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Lola

"Remember, big girls don't cry." That was the last sentence I heard Lourdes' weak voice mumble through my sobs and sniffles. It was 1988, I was six years old, and little did I know that this once routine goodbye would be the last time I saw her. Just a year earlier she had been diagnosed with breast cancer; she was 30 years old.

For a single mother of two young daughters living in her mother's home, the news could not have been more devastating, and in her case, too late. With the benefits of early detection forgone she underwent a mastectomy. Several rounds of chemotherapy followed along with new hairstyles in the form of several short shag wigs. She tried desperately to retain a semblance of normalcy and to keep her little girls oblivious to the disease that was consuming her young life.

The ignorance of youth blessed me with only the best memories of my mother but, I remain haunted with tragic memories of the disease that claimed her life. As I grew older, my intense curiosity about this deadly killer was driven by a passion to help fix where I felt wronged. I have become a missionary against this disease; educating friends on early detection and awareness, telling my story to whomever will listen. To prevent another child from having to pick out their mother's tombstone instead of shopping for prom dresses together I have dedicated my life to cancer awareness.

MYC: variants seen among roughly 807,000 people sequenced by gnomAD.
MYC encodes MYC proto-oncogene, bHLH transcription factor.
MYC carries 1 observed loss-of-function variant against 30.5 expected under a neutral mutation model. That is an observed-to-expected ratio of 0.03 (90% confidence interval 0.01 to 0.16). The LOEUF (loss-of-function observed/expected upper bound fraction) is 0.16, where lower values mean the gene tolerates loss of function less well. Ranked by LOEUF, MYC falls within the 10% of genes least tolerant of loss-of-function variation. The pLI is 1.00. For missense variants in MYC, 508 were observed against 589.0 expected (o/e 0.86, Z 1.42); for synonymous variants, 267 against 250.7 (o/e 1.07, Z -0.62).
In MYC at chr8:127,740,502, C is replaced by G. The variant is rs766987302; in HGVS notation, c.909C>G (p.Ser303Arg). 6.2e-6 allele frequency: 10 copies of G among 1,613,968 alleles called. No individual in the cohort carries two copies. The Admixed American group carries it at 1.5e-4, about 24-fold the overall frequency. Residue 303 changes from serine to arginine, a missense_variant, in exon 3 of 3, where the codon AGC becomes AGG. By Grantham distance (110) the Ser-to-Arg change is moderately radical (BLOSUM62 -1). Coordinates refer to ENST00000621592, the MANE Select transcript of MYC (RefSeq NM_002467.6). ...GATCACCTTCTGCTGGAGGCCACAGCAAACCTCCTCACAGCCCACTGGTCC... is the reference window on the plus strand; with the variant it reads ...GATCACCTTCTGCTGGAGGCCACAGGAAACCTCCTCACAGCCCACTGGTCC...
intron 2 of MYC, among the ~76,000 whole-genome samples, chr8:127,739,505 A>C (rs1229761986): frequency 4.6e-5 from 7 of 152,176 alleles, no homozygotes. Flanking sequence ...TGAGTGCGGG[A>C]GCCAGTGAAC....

As I tried to wipe the flowing tears from my eyes that day, I realized my mother's fight was not over; it had just begun within me. The most arduous experiences can create the greatest rewards as I hope that my passion for her life will give hope to others and perhaps save the life of another.

Jennifer
Orlando, FL

My Mom, The First